‘Getting back to normal’: Comox Valley Airport sees first international flight since pandemic


Saturday marked a big milestone for the Comox Valley Airport, as it hosted its first international departure since the pandemic.

The direct flight between Comox and Puerto Vallarta, Mexico, happened weekly prior to COVID-19, but it’s taken a lot of time to reach the point of its return.

“It’s wonderful. It’s nice not to stop, especially in the U.S. right now,” said Gerry Vaughan, a passenger from Nanaimo, in an interview with CHEK News.

“It only starts in November, which is perfect timing to get away from the storm season at home,” said passenger Nancy Vaughan.

The weekly flight to Mexico had been a popular service at the airport for years, drawing passengers from Nanaimo north. But it came to a grinding halt at the beginning of the pandemic.

The head of the Comox Valley Airport Commission says he’s thrilled it’s back.

“What it signifies is getting back to normal,” said Mike Atkins, the Comox Valley Airport Commission’s CEO.

“We were restricted from having international flights as of the beginning of the pandemic, March 2020, and while that restriction was lifted earlier in the year this is our first opportunity to have an international flight to a sun destination so we’re pretty happy.”

Former Campbell River mayor Andy Adams is among the excited passengers for the direct flight’s return.

“After doing three flights from Comox to Calgary to Puerto Vallarta last year, two out of three with long delays, one overnight, and a lot of challenges this is just a really welcome relief. It’s really great for the entire north island,” said Adams.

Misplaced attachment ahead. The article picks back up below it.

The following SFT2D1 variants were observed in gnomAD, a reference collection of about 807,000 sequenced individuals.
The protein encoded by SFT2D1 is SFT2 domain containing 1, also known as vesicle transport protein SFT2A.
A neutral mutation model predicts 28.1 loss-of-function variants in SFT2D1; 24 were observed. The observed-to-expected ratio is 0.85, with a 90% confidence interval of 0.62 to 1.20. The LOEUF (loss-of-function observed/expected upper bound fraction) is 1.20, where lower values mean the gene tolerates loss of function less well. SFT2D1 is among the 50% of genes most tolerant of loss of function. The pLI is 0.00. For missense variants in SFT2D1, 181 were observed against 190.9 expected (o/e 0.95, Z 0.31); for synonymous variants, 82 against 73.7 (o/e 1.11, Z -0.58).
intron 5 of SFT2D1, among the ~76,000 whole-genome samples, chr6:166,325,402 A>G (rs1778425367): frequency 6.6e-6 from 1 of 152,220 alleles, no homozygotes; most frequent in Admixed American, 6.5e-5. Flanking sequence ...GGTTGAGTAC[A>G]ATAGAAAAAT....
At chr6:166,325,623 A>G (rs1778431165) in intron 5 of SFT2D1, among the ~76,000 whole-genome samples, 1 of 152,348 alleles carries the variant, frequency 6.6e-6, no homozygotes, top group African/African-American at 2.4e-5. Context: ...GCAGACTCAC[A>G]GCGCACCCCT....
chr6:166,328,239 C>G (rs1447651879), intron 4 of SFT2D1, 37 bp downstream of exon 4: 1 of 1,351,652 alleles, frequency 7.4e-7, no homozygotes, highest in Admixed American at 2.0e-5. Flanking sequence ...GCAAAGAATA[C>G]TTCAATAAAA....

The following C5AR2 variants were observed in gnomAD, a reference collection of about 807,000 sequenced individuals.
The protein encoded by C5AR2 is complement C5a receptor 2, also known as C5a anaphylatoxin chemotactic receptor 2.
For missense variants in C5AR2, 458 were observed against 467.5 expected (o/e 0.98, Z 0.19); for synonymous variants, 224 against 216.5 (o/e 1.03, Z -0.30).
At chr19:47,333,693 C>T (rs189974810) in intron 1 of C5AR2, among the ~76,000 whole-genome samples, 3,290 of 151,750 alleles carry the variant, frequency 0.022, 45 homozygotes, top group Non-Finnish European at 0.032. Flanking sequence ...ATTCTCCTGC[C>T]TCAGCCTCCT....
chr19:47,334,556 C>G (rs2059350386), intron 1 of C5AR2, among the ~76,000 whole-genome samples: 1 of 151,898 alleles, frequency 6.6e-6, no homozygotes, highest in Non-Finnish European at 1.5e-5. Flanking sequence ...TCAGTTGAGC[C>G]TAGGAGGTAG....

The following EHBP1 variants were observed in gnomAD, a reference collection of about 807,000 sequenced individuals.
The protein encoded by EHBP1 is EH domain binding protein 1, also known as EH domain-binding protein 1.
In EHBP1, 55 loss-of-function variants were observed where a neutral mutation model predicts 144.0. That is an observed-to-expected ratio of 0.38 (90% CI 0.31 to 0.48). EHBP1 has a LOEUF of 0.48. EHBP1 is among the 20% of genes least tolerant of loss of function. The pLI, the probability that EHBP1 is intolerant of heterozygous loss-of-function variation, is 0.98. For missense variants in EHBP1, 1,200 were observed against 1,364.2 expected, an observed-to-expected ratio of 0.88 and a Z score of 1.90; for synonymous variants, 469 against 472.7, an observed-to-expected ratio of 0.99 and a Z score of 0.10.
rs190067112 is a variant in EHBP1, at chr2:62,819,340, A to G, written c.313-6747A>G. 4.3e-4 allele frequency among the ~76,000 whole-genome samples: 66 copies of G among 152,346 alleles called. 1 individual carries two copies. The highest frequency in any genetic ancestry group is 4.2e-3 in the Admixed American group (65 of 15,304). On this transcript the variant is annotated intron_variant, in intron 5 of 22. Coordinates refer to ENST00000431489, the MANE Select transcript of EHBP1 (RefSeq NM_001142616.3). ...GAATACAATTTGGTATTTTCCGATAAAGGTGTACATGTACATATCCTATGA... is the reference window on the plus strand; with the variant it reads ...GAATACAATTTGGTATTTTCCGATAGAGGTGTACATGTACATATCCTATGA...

The airline industry has slowly been building back and it’s been the same for airports. Comox airport is tracking to reach 80 per cent of pre-pandemic passenger volumes this year.

“September was really good at about 87 per cent, so it’s gradually increasing month over month. We expect Christmas to be almost normal based on pent-up travel demand, people that haven’t seen their families in a few years, and the fact that the restrictions have been lifted and people can travel again,” said Atkins.

Atkins said with the return of this weekly flight to Mexico, the airport has all the same routes as it did pre-pandemic, though some have lower capacity. Given the current trajectory, the airport should reach pre-pandemic passenger counts by the end of 2023.

Yet today showed how even direct flights can face pitfalls.

This afternoon, WestJet tweeted that a system-wide outage was impacting operations. Passengers bound for Mexico from Comox boarded shortly after 5 p.m. Saturday, more than four hours later than scheduled.

Kendall HansonKendall Hanson

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